07/29/2012 10:13 am ET Updated Sep 28, 2012

Discovering the Meaning of 'Olympic Movement'

From my perspective, national team athletes have two primarily responsibilities: to perform and to represent the country well.

Performing well on this channel will require a great good strength, smooth lines, and sharp focus. Our sport is at least 50 percent mental; engaging my mind is critical. Once the training period finishes and the channel closes, we will have to rely on all the good learning we did during our workouts. We start by studying the course from the side thinking, wide or tight line here? Do I need to speed up for this move or slow down? What kind of strokes and edging are most appropriate in various parts of the course? We think back to how we practiced certain sections. We can also review video to remind ourselves of the best ways to do different courses around the poles. Video becomes particularly helpful in the event that the competition course resembles a course we practiced in training.

Although we do not get to practice on the channel once the poles are set for competition, we do have the opportunity to observe other athletes not racing in the competition complete the actual course. We also practice in our mind's eye to help us formulate a good plan for the run. When I visualize, I gain virtual experience on the course. Imagining the run helps me anticipate mistakes and gives me the opportunity to fix them before my boat even touches the water.

What are we up against anyway? Why all the planning? Each racer starts individually during all phases of the race. This is not a head-to-head competition. The object is to navigate the course as quickly as possible. We go downstream around green poles and upstream around red ones. Touching the poles incurs a two-second penalty, while missing the pole altogether warrants a devastating 50-second penalty. The idea is to be "fast and clean," both quick through the poles and penalty-free.

Our sport has three phases of competition: the qualification, semifinal, and final. Potential for up to four runs on two different courses, since the orientation of the poles over the channel chance once the qualification has finished. The qualification consists of two runs, the better of two counts as the paddler's final score in this first phase. Around two-thirds of the competitors will pass through to the semifinal. The semifinal is one run only, and the top 10 boats from that run continue to the final. The 10 boats in the final complete one run in pursuit of a medal. Their semifinal time has no effect on the final result.

Now an Olympic team member, I recognize another duty: to perpetuate the Olympic movement. What does "Olympic movement" mean? Whenever I come across a loaded question like this, I think of Charlie Brown's Christmas when he questions, "what is the meaning of Christmas?" I imagine "Olympic movement" means something a little different to every athlete here in London, but for me the movement encompasses the practice of elite but fair and amiable competition among athletes from across [or around] the globe. One nice feature of the small size of our sport is that people are at least somewhat acquainted with one another, particularly those of similar age.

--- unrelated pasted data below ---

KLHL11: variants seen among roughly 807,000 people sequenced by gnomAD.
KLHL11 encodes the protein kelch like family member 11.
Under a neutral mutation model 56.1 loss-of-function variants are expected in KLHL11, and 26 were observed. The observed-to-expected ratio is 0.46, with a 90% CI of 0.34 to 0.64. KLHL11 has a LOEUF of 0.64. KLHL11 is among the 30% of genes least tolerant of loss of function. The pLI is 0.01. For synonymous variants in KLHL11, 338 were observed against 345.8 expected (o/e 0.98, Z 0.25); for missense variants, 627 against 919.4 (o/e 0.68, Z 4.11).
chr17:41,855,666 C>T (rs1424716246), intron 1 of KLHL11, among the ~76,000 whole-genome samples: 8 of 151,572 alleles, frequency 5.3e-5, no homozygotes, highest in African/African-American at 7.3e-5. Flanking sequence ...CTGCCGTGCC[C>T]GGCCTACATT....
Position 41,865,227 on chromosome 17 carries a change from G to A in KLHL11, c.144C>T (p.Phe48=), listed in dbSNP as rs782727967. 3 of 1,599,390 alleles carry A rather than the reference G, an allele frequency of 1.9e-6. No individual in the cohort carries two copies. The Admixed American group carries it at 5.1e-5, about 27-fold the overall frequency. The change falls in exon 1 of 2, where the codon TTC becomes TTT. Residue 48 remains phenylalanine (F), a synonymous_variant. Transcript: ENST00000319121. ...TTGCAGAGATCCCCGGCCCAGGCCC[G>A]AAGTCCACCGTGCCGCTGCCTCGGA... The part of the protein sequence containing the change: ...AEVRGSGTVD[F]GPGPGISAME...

Casually over Facebook I received an invite from the K1 woman representative of the Cook Islands to participate in a photo with all the other women competing in our race, with all of us dressed for Opening Ceremonies. I immediately accepted, thinking simply, "Fun!" It was a little like flashing back to a high school homecoming, dressing up and taking photos with friends. Very casual and full of smiles. Some reporters from the Olympic Village news publication stopped by us wondering what we were doing. Then it occurred to us, we are probably the only sport doing this! After taking another round of fun photos each of us returned to her country for the march into the stadium. Later, heading back toward the U.S. apartments after Opening Ceremony, I heard the wise voice of Linus van Pelt saying, "that's what the Olympics are all about, Caroline Queen." While the competition will be intense, we are also here to celebrate international friendship. That's my take on the "Olympic movement."

Sounds pretty cool right? Something you definitely want to catch on TV! I have posted several viewing links on Twitter, @SlalomLina. Members of Team USA will be racing on all days of competition, so tune in often starting on July 29. My category begins July 30, I will run at approximately 9:43 a.m. and 11:48 a.m. EST!